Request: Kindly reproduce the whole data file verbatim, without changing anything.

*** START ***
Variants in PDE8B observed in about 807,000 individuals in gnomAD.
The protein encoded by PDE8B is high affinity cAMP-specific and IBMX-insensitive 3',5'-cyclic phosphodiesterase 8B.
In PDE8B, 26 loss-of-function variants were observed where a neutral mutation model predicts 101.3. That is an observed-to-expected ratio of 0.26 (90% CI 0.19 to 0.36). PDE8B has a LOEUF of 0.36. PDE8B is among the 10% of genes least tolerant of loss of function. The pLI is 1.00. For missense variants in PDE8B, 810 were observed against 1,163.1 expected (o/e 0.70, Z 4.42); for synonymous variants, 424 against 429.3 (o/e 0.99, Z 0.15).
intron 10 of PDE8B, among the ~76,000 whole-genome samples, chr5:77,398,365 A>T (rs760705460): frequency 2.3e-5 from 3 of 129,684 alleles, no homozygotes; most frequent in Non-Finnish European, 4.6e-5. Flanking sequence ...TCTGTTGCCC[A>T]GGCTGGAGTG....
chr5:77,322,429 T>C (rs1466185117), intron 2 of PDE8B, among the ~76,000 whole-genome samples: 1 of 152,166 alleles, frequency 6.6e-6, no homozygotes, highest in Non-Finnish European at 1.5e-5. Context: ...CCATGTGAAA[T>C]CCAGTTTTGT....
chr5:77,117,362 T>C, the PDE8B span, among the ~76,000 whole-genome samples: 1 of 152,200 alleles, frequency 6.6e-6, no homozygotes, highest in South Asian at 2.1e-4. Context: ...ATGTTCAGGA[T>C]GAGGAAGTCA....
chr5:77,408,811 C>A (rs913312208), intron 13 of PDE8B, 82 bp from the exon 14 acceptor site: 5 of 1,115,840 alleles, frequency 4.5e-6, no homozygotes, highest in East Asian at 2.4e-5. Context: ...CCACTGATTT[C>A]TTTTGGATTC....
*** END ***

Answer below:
Variants in PDE8B observed in about 807,000 individuals in gnomAD.
The protein encoded by PDE8B is high affinity cAMP-specific and IBMX-insensitive 3',5'-cyclic phosphodiesterase 8B.
In PDE8B, 26 loss-of-function variants were observed where a neutral mutation model predicts 101.3. That is an observed-to-expected ratio of 0.26 (90% CI 0.19 to 0.36). PDE8B has a LOEUF of 0.36. PDE8B is among the 10% of genes least tolerant of loss of function. The pLI is 1.00. For missense variants in PDE8B, 810 were observed against 1,163.1 expected (o/e 0.70, Z 4.42); for synonymous variants, 424 against 429.3 (o/e 0.99, Z 0.15).
intron 10 of PDE8B, among the ~76,000 whole-genome samples, chr5:77,398,365 A>T (rs760705460): frequency 2.3e-5 from 3 of 129,684 alleles, no homozygotes; most frequent in Non-Finnish European, 4.6e-5. Flanking sequence ...TCTGTTGCCC[A>T]GGCTGGAGTG....
chr5:77,322,429 T>C (rs1466185117), intron 2 of PDE8B, among the ~76,000 whole-genome samples: 1 of 152,166 alleles, frequency 6.6e-6, no homozygotes, highest in Non-Finnish European at 1.5e-5. Context: ...CCATGTGAAA[T>C]CCAGTTTTGT....
chr5:77,117,362 T>C, the PDE8B span, among the ~76,000 whole-genome samples: 1 of 152,200 alleles, frequency 6.6e-6, no homozygotes, highest in South Asian at 2.1e-4. Context: ...ATGTTCAGGA[T>C]GAGGAAGTCA....
chr5:77,408,811 C>A (rs913312208), intron 13 of PDE8B, 82 bp from the exon 14 acceptor site: 5 of 1,115,840 alleles, frequency 4.5e-6, no homozygotes, highest in East Asian at 2.4e-5. Context: ...CCACTGATTT[C>A]TTTTGGATTC....